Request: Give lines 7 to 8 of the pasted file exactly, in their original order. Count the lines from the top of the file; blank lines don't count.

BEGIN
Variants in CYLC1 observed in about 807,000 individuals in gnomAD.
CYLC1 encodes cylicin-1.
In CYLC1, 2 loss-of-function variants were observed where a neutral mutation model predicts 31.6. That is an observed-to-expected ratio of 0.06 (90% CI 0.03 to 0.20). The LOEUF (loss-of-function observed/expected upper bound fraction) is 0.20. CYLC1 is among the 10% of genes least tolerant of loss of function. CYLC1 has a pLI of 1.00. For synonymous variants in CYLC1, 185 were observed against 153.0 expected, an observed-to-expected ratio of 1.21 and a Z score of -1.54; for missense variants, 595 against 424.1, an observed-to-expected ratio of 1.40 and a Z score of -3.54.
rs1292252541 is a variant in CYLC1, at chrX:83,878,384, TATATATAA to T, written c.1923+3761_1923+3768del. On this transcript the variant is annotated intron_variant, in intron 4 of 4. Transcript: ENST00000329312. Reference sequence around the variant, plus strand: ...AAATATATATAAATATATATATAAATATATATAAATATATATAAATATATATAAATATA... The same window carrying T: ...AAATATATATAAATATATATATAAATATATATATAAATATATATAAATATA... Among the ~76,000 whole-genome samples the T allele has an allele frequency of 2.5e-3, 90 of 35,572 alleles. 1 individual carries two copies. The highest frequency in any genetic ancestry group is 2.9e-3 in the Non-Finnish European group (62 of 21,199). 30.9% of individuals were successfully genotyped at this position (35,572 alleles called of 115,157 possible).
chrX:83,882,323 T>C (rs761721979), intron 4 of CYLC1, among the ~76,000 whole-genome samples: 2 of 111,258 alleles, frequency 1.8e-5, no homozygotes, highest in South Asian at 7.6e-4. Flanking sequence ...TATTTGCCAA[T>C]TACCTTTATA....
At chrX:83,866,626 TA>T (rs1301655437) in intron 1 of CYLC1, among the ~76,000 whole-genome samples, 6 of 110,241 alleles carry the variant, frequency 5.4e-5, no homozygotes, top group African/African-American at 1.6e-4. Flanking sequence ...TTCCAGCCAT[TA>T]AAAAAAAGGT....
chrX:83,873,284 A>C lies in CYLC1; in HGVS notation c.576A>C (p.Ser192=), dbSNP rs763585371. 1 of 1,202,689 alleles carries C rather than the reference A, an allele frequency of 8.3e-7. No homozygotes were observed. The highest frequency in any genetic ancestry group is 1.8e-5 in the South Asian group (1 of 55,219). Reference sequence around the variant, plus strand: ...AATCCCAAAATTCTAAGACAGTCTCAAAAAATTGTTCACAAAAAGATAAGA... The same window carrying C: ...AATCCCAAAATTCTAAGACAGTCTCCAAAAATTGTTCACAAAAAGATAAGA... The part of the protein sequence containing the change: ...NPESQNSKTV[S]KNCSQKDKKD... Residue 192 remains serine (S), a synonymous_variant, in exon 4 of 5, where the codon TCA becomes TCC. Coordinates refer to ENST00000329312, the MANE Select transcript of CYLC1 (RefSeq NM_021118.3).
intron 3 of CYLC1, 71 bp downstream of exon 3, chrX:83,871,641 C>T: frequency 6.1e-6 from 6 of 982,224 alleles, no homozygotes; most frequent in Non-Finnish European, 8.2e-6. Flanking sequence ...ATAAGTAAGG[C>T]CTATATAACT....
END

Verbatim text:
chrX:83,873,284 A>C lies in CYLC1; in HGVS notation c.576A>C (p.Ser192=), dbSNP rs763585371. 1 of 1,202,689 alleles carries C rather than the reference A, an allele frequency of 8.3e-7. No homozygotes were observed. The highest frequency in any genetic ancestry group is 1.8e-5 in the South Asian group (1 of 55,219). Reference sequence around the variant, plus strand: ...AATCCCAAAATTCTAAGACAGTCTCAAAAAATTGTTCACAAAAAGATAAGA... The same window carrying C: ...AATCCCAAAATTCTAAGACAGTCTCCAAAAATTGTTCACAAAAAGATAAGA... The part of the protein sequence containing the change: ...NPESQNSKTV[S]KNCSQKDKKD... Residue 192 remains serine (S), a synonymous_variant, in exon 4 of 5, where the codon TCA becomes TCC. Coordinates refer to ENST00000329312, the MANE Select transcript of CYLC1 (RefSeq NM_021118.3).
intron 3 of CYLC1, 71 bp downstream of exon 3, chrX:83,871,641 C>T: frequency 6.1e-6 from 6 of 982,224 alleles, no homozygotes; most frequent in Non-Finnish European, 8.2e-6. Flanking sequence ...ATAAGTAAGG[C>T]CTATATAACT....